Monday, December 9, 2013

Hypothesis Falsified

AL sent me a link to this story about how Jessica Kerr, lately a model for Victoria’s secret, was apparently punted from said job after saying that she didn’t think Taylor Swift had what it took to be an underwear model.

Frankly, this didn’t seem like such a disrespect – the number of women who do have what it takes is surely extraordinarily small. Have you read about what they have to go through before a show? No solid food for 9 days before the show, and no liquid for 12 hours before. Ye gads! Every single excess pound is on display for the whole world, and your career depends on looking absolutely flawless to as many ogling eyes as possible. It’s perhaps not a surprise that this is not dissimilar from playing sport at an elite level, in terms of success requiring both extraordinary commitment and rare natural talent.

So my first hunch was that the Taylor Swift comments were mainly a pretext, and Victoria’s Secret was looking to ditch Kerr anyway. I was guessing it was an age thing – she was just close to the end of what is surely a very limited shelf life for underwear models.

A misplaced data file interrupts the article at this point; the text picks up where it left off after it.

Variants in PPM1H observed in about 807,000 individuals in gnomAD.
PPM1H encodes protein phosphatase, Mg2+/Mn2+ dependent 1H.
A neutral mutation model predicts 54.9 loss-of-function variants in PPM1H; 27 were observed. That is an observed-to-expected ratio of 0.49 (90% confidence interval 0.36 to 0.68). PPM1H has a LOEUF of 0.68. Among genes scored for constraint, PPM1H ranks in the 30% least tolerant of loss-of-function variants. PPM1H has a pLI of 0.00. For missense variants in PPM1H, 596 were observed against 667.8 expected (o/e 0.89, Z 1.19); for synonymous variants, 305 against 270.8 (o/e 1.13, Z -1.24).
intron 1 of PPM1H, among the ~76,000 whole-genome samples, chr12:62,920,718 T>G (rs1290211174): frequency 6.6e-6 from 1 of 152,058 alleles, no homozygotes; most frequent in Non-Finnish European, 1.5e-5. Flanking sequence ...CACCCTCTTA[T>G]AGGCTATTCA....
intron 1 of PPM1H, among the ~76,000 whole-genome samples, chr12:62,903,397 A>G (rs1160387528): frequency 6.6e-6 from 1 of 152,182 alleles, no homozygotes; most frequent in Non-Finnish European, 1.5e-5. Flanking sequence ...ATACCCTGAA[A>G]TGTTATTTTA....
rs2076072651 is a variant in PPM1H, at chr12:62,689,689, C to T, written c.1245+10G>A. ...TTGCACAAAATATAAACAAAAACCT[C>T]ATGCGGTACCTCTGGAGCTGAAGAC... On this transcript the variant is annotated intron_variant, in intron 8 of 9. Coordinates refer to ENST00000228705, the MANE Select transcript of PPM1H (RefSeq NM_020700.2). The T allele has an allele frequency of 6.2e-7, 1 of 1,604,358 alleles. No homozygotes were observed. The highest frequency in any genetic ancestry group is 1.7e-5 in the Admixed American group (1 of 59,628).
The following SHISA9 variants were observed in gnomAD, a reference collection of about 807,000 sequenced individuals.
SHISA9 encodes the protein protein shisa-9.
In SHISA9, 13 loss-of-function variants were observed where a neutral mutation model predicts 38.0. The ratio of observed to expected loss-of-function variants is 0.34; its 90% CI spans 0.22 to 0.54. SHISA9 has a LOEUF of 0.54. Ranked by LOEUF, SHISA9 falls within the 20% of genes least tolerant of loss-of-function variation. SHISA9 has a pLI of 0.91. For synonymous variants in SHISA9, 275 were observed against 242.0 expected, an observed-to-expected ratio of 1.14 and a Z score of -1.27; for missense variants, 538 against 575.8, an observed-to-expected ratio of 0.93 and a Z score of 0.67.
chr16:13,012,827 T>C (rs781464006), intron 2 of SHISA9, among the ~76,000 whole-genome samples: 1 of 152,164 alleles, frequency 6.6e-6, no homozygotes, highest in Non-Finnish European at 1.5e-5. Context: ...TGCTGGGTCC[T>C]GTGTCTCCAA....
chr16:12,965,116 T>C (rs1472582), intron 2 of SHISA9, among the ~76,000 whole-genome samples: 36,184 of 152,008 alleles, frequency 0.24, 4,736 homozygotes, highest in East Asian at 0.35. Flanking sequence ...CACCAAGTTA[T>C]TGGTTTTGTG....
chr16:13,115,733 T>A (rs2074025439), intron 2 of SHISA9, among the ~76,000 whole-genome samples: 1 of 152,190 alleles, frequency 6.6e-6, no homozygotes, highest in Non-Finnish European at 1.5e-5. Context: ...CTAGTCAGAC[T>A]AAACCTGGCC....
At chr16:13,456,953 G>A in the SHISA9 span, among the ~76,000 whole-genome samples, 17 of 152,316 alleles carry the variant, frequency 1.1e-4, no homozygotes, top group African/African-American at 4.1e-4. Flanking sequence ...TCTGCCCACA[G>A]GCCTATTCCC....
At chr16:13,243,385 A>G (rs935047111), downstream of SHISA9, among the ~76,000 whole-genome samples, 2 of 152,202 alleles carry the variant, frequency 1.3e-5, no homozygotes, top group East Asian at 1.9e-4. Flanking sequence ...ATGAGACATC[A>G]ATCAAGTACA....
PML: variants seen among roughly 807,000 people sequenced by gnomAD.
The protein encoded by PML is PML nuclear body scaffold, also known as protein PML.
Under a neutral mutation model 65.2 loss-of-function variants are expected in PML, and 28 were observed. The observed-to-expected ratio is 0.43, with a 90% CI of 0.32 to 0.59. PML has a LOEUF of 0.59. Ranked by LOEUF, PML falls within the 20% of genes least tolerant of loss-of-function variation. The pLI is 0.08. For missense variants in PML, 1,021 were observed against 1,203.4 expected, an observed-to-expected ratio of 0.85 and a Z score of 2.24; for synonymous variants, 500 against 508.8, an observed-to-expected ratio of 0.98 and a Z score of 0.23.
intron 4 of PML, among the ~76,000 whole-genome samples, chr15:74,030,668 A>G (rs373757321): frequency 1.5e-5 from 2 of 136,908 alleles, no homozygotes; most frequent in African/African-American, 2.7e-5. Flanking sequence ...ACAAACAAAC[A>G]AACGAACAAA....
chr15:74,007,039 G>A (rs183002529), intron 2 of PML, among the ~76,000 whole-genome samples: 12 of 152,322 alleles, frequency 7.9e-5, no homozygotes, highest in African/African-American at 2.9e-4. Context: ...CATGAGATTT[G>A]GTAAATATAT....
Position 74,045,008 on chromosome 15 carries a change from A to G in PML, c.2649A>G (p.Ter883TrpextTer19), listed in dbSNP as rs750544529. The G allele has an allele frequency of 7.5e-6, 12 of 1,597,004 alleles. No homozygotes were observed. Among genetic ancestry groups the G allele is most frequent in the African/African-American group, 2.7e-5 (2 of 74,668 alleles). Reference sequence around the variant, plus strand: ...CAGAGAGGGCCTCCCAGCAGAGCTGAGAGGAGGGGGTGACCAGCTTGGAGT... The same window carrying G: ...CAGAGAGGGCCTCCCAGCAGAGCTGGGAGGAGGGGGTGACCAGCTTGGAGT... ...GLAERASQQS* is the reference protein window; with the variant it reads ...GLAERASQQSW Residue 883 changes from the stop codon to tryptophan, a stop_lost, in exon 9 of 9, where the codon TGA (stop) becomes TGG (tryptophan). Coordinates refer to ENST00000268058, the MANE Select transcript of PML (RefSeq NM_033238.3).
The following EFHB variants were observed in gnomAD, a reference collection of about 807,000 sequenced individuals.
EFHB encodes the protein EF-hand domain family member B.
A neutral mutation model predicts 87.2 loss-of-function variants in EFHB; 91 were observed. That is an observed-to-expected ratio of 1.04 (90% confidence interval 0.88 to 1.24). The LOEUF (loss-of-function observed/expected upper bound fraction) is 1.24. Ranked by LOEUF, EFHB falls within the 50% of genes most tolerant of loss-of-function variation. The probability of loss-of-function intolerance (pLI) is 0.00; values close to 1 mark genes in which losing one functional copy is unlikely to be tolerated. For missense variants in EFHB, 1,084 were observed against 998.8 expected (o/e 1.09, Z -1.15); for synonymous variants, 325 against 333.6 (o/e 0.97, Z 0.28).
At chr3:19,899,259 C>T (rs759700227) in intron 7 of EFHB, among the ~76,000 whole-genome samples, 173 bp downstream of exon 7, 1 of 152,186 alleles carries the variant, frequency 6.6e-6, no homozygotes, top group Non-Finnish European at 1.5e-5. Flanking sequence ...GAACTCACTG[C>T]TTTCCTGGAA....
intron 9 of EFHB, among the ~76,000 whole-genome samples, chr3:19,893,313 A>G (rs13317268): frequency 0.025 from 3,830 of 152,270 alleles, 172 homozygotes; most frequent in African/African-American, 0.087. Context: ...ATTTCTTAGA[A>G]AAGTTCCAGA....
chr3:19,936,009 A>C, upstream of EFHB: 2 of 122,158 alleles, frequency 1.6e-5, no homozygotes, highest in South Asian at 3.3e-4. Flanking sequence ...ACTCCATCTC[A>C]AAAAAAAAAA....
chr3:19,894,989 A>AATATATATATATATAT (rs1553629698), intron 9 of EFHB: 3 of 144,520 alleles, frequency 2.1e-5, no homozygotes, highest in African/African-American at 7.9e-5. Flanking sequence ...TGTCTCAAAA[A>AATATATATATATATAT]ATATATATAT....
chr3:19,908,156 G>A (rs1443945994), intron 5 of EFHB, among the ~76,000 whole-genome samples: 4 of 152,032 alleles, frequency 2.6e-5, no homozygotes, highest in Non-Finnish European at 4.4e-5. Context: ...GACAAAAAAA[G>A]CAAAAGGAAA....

According to the only reference anybody consults anymore, Kerr is 27. Bingo! Surely that’s got to be at the upper end of the range, right?

It turns out, not so much.

A vast and grueling dedication to scientific truth lead me to ascertain that the current list of Victoria’s Secret Models has a much wider age range than I thought. In ascending order:

Karlie Kloss – 21
Erin Heatherton – 24
Behati Prinsloo – 24
Candice Swanpoel – 25
Lily Aldridge – 28
Doutzen Kroes – 28
Lindsay Ellingson – 29
Miranda Kerr - 30
Adriana Lima – 32
Alessandra Ambrosio – 32

32!!! Remarkable, huh? Admit it – when you started reading this article, you would have thought it inconceivable that 30% of the most famous currently employed underwear models on the planet have ages starting with a ‘3’.

Part of the value in economics training is not the logic of economic reasoning itself, but simply the dedication to empiricism. You have a hunch about the world? Great! Find some data that will test said hunch, and see if it’s true or not.

The first thing you will learn is that it is amazing how often your hunches about the world turn out to be wrong.

The second thing you will learn, more by way of conversation, is how tiny the number of people is who actually regularly test their ideas about the world in a systematic way and update accordingly.

More’s the pity.

Much more, actually. 

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